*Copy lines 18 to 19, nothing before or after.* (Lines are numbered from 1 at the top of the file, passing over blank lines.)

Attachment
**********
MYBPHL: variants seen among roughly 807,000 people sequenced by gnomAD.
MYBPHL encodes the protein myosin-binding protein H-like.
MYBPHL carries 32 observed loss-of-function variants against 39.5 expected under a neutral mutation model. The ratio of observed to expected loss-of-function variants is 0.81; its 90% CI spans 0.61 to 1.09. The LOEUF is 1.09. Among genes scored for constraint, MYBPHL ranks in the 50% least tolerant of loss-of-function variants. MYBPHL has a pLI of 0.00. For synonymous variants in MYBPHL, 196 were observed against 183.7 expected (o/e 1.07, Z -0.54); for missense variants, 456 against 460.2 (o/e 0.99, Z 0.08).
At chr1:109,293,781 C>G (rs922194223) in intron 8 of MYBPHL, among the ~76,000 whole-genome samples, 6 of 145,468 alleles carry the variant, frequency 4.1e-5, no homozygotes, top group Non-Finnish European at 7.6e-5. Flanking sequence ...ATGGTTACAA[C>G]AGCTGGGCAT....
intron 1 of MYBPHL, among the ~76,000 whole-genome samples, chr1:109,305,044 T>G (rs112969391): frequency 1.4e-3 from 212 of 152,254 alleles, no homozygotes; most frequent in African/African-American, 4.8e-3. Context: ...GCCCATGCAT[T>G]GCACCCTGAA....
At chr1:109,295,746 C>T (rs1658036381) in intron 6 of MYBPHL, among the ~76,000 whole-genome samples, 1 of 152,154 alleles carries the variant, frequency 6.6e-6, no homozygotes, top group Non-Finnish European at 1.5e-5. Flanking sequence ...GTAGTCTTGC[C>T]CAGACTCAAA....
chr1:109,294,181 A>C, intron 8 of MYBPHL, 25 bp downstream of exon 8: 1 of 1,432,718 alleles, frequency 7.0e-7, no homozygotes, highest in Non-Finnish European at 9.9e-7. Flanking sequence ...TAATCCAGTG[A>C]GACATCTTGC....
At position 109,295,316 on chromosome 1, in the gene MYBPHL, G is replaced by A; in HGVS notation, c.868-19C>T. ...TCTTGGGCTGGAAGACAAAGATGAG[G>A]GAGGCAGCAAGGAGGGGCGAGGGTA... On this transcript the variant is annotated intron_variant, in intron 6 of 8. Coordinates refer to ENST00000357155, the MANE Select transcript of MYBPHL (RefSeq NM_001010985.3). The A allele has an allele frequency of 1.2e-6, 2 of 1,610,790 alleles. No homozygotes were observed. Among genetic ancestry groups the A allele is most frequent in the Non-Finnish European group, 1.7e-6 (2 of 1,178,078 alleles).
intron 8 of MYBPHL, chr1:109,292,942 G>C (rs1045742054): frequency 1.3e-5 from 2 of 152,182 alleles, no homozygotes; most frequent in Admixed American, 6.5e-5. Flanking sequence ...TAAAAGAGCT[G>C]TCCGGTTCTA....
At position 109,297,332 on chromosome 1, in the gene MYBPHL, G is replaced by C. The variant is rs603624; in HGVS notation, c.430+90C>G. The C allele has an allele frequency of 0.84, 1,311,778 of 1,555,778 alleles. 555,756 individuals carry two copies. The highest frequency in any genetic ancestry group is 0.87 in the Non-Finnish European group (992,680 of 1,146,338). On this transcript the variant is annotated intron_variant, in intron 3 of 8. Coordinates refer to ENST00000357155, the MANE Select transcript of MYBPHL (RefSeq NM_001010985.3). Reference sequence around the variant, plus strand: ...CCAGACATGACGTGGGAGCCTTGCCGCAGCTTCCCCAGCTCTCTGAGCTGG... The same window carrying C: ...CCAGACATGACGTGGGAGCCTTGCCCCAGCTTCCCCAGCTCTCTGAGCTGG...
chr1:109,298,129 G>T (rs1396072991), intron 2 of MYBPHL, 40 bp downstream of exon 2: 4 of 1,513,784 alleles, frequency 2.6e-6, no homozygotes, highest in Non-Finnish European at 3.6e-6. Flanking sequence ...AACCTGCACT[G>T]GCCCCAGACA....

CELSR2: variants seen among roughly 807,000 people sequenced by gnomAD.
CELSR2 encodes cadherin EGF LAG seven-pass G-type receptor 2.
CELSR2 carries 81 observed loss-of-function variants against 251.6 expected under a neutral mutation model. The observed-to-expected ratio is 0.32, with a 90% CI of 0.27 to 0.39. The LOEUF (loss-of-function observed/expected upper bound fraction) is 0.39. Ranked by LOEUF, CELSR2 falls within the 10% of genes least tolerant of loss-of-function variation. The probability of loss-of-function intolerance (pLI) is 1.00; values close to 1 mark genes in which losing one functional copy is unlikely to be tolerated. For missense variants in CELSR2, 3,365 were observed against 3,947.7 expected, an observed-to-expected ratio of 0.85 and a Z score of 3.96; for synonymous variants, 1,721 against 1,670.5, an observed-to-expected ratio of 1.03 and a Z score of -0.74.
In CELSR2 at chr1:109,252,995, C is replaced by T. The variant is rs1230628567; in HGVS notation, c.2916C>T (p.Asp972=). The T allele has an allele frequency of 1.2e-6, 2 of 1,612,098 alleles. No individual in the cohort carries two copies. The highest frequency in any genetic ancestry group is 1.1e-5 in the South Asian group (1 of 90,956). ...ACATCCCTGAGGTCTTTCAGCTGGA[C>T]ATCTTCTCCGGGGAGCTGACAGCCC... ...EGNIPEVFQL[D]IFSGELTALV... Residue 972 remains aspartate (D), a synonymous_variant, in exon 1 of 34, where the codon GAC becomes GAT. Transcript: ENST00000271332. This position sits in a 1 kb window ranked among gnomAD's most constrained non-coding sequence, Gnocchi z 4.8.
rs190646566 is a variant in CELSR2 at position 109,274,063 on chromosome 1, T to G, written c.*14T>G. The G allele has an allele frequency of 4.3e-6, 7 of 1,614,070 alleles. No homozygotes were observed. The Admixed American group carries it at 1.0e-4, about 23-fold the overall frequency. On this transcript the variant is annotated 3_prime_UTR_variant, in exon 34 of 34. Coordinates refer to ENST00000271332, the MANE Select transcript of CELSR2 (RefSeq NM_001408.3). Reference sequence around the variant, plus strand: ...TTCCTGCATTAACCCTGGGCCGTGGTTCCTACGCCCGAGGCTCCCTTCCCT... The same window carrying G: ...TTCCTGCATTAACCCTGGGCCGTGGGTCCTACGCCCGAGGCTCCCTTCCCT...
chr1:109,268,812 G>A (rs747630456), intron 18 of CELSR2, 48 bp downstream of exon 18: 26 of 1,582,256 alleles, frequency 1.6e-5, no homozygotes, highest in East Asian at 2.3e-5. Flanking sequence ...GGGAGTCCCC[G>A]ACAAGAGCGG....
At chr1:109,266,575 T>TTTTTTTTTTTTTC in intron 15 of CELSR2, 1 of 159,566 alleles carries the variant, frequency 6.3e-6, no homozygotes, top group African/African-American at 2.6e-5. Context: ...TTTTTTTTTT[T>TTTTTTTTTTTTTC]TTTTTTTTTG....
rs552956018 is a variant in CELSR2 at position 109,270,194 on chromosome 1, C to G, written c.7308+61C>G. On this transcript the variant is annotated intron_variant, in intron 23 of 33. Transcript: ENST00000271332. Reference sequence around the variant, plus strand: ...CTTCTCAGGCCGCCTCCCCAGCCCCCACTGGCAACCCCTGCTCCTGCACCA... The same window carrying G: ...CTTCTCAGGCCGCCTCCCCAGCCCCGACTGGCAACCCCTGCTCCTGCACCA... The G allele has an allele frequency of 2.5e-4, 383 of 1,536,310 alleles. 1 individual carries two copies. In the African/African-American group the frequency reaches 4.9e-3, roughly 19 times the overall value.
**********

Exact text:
At chr1:109,266,575 T>TTTTTTTTTTTTTC in intron 15 of CELSR2, 1 of 159,566 alleles carries the variant, frequency 6.3e-6, no homozygotes, top group African/African-American at 2.6e-5. Context: ...TTTTTTTTTT[T>TTTTTTTTTTTTTC]TTTTTTTTTG....
rs552956018 is a variant in CELSR2 at position 109,270,194 on chromosome 1, C to G, written c.7308+61C>G. On this transcript the variant is annotated intron_variant, in intron 23 of 33. Transcript: ENST00000271332. Reference sequence around the variant, plus strand: ...CTTCTCAGGCCGCCTCCCCAGCCCCCACTGGCAACCCCTGCTCCTGCACCA... The same window carrying G: ...CTTCTCAGGCCGCCTCCCCAGCCCCGACTGGCAACCCCTGCTCCTGCACCA... The G allele has an allele frequency of 2.5e-4, 383 of 1,536,310 alleles. 1 individual carries two copies. In the African/African-American group the frequency reaches 4.9e-3, roughly 19 times the overall value.